However, the PLO and Muslim movements never accepted the 1967 understanding, and for them, the status quo is from the period prior to 1967. That means Jews cannot enter the site; the Western Wall is Palestinian/Muslim; and, according to the PLO, the Palestinians will be responsible for security under Palestinian state sovereignty.

Despite the fact that the Jordan-affiliated Waqf operates closely to the Israeli interpretation of the status quo, the installing of the magnetometers sparked a dispute with Israel over the status quo. According to the Waqf – and Jordanian – interpretation, the area of the Haram includes both sides of the walls – inside and out. Hence, even the Western Wall is Palestinian/ Muslim. Israel assuming the security responsibility on the outside of the gates that were in the hands of the Waqf personnel until now is viewed as breaking the status quo.

The Fatah sources assured that the moment these magnetometers would be removed, the city will return to normalcy, but the dispute will still stir anger and hurt pride that could lead to individual terror attacks.

This video clip filmed on July 17, 2017, shows a large demonstration at the Old City’s Lion’s Gate, far smaller than Turkey’s calls for “a million-strong” demonstration on the scale that overturned the attempted Turkish coup d’état last year. The demonstration was devoid of Palestinian organizational flags. Political activist Mustafa Barghouti, leader of the Palestinian NGO community in Ramallah, is trying to fill the vacuum created by the PLO hesitancy.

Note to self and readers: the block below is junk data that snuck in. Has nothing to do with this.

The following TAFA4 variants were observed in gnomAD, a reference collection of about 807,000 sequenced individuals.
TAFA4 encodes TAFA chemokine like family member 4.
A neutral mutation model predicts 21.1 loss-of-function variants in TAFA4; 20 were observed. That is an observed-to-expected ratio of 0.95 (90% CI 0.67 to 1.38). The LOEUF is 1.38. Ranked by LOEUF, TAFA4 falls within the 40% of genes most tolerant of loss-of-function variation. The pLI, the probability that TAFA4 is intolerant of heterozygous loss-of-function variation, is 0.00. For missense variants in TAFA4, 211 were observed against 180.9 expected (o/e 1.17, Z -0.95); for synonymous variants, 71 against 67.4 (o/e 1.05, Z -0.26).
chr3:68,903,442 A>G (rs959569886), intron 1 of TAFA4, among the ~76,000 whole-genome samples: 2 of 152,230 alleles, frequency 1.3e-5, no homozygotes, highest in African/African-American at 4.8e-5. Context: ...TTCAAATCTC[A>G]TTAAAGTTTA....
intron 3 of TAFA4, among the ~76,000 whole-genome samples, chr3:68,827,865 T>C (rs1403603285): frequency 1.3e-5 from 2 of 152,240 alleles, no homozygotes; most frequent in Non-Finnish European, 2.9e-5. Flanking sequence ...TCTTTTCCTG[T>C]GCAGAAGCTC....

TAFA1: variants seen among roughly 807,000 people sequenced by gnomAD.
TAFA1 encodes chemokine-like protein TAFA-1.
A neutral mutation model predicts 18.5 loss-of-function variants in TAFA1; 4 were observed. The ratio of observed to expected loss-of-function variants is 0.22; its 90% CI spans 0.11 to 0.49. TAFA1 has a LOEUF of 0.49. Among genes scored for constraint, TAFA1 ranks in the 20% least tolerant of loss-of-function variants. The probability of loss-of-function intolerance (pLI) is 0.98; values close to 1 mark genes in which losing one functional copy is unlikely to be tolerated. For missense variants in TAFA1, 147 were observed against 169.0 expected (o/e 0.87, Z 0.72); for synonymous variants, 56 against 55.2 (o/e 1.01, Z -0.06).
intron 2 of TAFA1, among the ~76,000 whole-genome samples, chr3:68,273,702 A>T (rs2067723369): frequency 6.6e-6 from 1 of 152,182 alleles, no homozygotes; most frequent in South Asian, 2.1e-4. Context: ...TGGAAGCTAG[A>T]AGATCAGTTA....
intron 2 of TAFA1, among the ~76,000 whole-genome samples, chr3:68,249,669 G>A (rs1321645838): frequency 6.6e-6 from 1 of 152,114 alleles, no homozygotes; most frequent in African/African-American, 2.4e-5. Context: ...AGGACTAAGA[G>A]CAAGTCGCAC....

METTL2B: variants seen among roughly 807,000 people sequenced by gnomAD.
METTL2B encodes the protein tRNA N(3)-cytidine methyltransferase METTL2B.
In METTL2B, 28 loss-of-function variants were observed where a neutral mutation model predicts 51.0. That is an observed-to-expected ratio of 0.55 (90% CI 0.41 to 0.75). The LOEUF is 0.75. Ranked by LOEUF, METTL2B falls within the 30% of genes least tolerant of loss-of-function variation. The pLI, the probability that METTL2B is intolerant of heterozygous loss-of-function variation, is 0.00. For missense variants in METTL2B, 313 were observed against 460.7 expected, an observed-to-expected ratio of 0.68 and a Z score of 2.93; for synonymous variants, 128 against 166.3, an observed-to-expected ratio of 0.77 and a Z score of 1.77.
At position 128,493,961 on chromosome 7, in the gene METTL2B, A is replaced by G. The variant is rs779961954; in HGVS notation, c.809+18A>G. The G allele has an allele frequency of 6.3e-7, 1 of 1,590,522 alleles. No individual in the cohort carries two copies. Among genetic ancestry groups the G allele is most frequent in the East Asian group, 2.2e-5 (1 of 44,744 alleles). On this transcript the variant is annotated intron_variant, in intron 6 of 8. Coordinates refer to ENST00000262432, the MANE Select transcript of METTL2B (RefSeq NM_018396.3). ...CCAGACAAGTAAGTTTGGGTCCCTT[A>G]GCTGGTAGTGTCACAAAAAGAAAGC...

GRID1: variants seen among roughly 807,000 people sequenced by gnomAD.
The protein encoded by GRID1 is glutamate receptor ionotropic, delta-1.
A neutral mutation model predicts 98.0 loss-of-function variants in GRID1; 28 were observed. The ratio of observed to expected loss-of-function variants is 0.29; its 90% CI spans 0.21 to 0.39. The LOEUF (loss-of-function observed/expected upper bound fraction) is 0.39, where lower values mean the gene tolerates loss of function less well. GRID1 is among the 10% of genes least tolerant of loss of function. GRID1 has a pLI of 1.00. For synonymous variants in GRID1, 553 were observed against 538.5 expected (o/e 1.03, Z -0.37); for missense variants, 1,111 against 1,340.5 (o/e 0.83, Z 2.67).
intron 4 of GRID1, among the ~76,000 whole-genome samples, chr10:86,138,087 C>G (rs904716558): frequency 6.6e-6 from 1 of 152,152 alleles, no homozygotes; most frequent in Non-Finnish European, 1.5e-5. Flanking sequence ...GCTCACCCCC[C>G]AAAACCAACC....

Other matters concerning the status quo are reports that the Jerusalem municipality sent cleaning crews to clear the Mount’s esplanade – an action normally the responsibility of the Waqf. Also, Jewish “settlers” were allowed to enter the compound, for the first time without the Waqf personnel inspecting and escorting them.

Hence, if the Waqf insists on refusing to cross through the magnetometers to the compound until the devices are removed, it risks another change of the status quo—the municipality of Jerusalem will assume the role of maintaining the site and allowing Jews to enter the site with no inspection role for the Waqf.

Dilemma for Jordan and the Waqf

While the Waqf is a Jordanian-affiliated religious council, it could feel forced to take a harder line than Jordan’s position in the confrontation with Israel.

Another major concern of the east Jerusalem leadership is the importing of the conflict by individuals of Israeli Arab communities into Jerusalem, as was the case of the three terrorists from the Israeli Arab town of Umm al Fahm.

It should be noted that the tensions on the Temple Mount were not sparked by the east Jerusalemites but by Israeli Arabs, some possibly aided by Turkey.